Are there capacity limitations in symmetry perception?

Liqiang Huang, Harold Pashler, Justin A. Junge

Research output: Contribution to journalReview article

14 Scopus citations

Abstract

Previous researchers have proposed that there are two types of symmetry detection: one based on crude preattentive symmetry judgments and another based on detailed scrutiny of individual parts (Barlow & Reeves, 1979; S. E. Palmer & Hemenway, 1978; Royer, 1981). Four experiments were conducted to examine capacity limits in different symmetry judgments. Observers were required to discriminate between random patterns and approximate symmetry (Experiments 1 and 3) or between perfect and approximate symmetry (Experiments 2 and 4). The patterns were divided into two sets of dots, presented either simultaneously or successively. A comparison of accuracy under these two presentation conditions suggested that symmetry detection involves an analysis that is spatially parallel but coarse, regardless of either task difficulty or task type (detecting symmetry vs. detecting asymmetry).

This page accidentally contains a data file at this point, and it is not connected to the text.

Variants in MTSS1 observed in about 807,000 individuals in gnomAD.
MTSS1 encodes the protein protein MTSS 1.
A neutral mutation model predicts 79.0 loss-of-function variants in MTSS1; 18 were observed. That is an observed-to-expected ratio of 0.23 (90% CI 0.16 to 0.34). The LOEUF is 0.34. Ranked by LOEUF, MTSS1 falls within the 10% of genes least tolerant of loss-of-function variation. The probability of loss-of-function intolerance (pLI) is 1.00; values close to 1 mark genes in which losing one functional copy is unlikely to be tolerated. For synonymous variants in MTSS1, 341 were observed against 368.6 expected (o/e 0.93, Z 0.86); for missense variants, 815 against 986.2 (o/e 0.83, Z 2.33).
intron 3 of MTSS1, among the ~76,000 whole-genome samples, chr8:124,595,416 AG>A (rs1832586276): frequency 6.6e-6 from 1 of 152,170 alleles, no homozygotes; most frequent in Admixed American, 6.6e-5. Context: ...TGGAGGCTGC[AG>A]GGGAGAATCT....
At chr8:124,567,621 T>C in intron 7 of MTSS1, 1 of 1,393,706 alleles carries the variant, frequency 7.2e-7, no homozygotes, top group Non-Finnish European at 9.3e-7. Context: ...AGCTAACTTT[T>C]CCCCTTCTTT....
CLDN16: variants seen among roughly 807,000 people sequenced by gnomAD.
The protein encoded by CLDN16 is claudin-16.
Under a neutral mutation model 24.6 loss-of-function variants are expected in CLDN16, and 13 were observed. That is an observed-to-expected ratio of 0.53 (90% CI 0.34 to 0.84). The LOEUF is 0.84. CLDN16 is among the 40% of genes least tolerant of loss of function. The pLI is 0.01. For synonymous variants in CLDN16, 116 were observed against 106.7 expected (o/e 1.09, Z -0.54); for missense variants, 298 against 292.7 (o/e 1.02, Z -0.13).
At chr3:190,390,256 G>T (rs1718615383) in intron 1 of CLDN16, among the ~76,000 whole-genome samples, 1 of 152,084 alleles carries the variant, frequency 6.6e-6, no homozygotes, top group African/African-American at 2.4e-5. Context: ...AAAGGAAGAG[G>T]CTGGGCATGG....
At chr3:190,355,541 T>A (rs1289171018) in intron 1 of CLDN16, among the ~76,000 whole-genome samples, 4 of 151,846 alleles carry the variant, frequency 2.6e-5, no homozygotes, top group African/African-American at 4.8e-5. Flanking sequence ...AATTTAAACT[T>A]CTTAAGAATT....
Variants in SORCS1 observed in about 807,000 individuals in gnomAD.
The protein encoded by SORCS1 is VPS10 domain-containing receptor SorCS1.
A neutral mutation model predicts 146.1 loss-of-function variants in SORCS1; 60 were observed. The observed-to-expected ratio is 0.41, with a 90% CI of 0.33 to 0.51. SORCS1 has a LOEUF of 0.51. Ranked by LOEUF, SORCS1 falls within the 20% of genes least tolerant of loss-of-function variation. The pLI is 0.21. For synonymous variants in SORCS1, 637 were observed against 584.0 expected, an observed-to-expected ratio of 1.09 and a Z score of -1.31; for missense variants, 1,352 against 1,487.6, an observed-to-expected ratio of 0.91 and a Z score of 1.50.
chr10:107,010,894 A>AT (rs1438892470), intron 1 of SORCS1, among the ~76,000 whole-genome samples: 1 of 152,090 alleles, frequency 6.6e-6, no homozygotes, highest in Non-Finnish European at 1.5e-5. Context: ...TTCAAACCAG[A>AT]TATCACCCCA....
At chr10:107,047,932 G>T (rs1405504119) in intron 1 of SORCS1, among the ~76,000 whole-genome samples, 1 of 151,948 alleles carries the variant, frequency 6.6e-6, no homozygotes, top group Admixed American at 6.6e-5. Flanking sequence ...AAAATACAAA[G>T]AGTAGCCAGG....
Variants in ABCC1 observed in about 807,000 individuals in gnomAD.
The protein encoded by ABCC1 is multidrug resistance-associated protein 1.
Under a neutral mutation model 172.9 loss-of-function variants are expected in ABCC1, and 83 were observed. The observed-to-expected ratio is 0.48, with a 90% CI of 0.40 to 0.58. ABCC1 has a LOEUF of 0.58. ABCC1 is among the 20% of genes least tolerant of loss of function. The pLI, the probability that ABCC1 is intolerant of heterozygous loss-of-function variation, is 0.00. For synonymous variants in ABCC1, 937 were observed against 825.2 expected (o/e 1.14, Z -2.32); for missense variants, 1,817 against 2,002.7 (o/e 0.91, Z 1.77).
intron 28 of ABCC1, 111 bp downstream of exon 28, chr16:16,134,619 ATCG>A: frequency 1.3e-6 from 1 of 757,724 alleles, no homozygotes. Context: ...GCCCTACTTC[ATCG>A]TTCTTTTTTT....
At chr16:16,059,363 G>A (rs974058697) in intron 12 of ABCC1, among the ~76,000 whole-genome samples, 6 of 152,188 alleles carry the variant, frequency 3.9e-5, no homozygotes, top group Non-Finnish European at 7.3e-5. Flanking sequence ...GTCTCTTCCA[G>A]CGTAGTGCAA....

Original languageEnglish (US)
Pages (from-to)862-869
Number of pages8
JournalPsychonomic Bulletin and Review
Volume11
Issue number5
DOIs
StatePublished - Oct 2004

All Science Journal Classification (ASJC) codes

  • Experimental and Cognitive Psychology
  • Developmental and Educational Psychology
  • Arts and Humanities (miscellaneous)

Fingerprint Dive into the research topics of 'Are there capacity limitations in symmetry perception?'. Together they form a unique fingerprint.

  • Cite this